September 2017

Navicular injury in college football players slashes odds of NFL success

In the moment: Sports medicine

By Jordana Bieze Foster

National Football League (NFL) prospects with a history of navicular injury are significantly less likely to be successful at the professional level than those without such an injury history, according to research that underscores the importance of restoring gait and function after a navicular stress injury in athletes.

Investigators from the Steadman Philippon Research Institute in Vail, CO, and Massachusetts General Hospital in Boston analyzed 14 players with a history of navicular stress injury or fracture who attended the annual NFL Combine over a seven-year period. More than half (57%) of these players went undrafted, compared with 30.9% of players without a history of navicular injury. Just 28.6% of combine attendees with navicular injury played for two years or longer in the NFL, compared with 69.6% of controls.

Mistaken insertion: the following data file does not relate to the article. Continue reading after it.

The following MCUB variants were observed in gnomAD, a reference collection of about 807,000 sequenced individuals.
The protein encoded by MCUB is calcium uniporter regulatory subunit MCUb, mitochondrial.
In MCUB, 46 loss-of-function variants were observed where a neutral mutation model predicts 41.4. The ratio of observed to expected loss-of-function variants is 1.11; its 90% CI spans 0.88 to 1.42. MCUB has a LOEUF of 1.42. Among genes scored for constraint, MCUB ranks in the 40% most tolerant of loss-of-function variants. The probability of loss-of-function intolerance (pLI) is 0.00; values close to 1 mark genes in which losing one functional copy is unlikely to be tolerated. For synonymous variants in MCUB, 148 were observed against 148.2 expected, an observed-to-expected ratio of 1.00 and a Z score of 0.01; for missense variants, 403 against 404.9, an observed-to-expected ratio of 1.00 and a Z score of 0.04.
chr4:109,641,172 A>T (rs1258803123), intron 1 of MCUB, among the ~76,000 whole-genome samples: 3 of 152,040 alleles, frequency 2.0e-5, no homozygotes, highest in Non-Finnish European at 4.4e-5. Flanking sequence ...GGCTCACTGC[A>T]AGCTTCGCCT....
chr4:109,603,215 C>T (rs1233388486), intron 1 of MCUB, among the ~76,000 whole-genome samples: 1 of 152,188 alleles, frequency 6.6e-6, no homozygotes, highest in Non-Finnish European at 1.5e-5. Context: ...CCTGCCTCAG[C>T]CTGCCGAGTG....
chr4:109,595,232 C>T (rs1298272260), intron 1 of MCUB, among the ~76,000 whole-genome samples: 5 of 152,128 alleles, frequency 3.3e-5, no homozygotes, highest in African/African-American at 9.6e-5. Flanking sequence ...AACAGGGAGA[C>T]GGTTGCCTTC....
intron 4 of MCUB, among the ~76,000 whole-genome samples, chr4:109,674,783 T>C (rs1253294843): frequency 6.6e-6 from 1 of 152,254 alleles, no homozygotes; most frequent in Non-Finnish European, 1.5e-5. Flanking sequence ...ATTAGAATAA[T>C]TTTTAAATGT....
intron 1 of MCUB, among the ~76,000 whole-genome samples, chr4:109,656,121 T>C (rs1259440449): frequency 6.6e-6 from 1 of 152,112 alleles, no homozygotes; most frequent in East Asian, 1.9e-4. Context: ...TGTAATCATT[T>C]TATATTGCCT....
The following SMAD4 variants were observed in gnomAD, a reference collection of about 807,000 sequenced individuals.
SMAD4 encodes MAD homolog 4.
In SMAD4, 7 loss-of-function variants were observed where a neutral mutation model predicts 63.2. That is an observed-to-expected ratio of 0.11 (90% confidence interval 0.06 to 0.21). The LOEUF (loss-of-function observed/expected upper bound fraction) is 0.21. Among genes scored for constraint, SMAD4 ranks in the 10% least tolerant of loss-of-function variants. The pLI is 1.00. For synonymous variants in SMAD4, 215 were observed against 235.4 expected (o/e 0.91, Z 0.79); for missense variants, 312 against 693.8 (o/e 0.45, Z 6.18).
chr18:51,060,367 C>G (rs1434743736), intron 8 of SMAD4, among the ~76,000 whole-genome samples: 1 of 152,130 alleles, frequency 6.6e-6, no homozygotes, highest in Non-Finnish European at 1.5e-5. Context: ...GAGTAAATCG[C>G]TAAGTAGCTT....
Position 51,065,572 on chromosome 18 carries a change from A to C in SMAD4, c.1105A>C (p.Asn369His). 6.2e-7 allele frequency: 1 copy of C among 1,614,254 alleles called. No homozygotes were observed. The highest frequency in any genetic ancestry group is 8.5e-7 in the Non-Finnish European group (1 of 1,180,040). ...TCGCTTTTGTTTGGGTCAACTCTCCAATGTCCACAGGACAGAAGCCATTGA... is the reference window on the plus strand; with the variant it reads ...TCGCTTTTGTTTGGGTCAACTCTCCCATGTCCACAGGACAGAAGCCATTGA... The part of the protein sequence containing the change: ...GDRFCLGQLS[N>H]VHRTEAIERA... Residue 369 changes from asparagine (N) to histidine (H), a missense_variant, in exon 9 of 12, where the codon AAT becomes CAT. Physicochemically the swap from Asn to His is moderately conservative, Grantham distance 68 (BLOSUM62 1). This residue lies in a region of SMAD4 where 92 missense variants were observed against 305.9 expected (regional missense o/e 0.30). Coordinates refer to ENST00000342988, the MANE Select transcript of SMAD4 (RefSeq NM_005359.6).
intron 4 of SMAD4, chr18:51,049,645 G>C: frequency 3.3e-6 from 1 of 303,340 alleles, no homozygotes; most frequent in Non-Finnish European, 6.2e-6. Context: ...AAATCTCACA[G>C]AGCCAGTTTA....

Among the 12 players with navicular injury who underwent radiographs, evidence of talonavicular arthritis was observed in 75% of injured feet and 60% of contralateral feet.

The findings were published in August by the Orthopedic Journal of Sports Medicine.


Vopat B, Beaulieu-Jones BR, Waryasz G, et al. Epidemiology of navicular injury at the NFL Combine and their impact on an athlete’s prospective NFL career. Orthop J Sports Med 2017;5(8): 2325967117723285. 

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